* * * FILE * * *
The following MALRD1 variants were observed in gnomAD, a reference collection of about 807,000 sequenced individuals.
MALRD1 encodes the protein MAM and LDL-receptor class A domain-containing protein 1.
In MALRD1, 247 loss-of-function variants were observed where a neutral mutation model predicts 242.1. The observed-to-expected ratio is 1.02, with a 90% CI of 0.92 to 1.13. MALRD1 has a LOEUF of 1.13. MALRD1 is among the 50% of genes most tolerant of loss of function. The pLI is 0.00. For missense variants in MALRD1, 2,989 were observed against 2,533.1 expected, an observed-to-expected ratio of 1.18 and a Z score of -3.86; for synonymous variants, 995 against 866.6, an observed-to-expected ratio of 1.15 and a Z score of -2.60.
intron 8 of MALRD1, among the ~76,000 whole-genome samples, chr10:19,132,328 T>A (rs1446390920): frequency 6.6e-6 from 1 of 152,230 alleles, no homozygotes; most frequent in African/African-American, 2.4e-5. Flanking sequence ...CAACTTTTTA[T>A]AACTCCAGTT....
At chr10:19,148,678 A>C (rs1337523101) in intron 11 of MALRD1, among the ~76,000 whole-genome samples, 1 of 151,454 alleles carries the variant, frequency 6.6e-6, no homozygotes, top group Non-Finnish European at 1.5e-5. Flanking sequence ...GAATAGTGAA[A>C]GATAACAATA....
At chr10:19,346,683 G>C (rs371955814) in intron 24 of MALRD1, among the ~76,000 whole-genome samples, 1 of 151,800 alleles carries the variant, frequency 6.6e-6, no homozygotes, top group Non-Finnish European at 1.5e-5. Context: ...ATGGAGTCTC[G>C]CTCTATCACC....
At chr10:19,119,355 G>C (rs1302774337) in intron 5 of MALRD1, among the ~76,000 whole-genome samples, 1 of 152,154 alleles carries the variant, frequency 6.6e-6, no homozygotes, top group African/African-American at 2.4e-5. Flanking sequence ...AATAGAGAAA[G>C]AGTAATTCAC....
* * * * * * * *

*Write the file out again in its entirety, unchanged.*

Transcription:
The following MALRD1 variants were observed in gnomAD, a reference collection of about 807,000 sequenced individuals.
MALRD1 encodes the protein MAM and LDL-receptor class A domain-containing protein 1.
In MALRD1, 247 loss-of-function variants were observed where a neutral mutation model predicts 242.1. The observed-to-expected ratio is 1.02, with a 90% CI of 0.92 to 1.13. MALRD1 has a LOEUF of 1.13. MALRD1 is among the 50% of genes most tolerant of loss of function. The pLI is 0.00. For missense variants in MALRD1, 2,989 were observed against 2,533.1 expected, an observed-to-expected ratio of 1.18 and a Z score of -3.86; for synonymous variants, 995 against 866.6, an observed-to-expected ratio of 1.15 and a Z score of -2.60.
intron 8 of MALRD1, among the ~76,000 whole-genome samples, chr10:19,132,328 T>A (rs1446390920): frequency 6.6e-6 from 1 of 152,230 alleles, no homozygotes; most frequent in African/African-American, 2.4e-5. Flanking sequence ...CAACTTTTTA[T>A]AACTCCAGTT....
At chr10:19,148,678 A>C (rs1337523101) in intron 11 of MALRD1, among the ~76,000 whole-genome samples, 1 of 151,454 alleles carries the variant, frequency 6.6e-6, no homozygotes, top group Non-Finnish European at 1.5e-5. Flanking sequence ...GAATAGTGAA[A>C]GATAACAATA....
At chr10:19,346,683 G>C (rs371955814) in intron 24 of MALRD1, among the ~76,000 whole-genome samples, 1 of 151,800 alleles carries the variant, frequency 6.6e-6, no homozygotes, top group Non-Finnish European at 1.5e-5. Context: ...ATGGAGTCTC[G>C]CTCTATCACC....
At chr10:19,119,355 G>C (rs1302774337) in intron 5 of MALRD1, among the ~76,000 whole-genome samples, 1 of 152,154 alleles carries the variant, frequency 6.6e-6, no homozygotes, top group African/African-American at 2.4e-5. Flanking sequence ...AATAGAGAAA[G>C]AGTAATTCAC....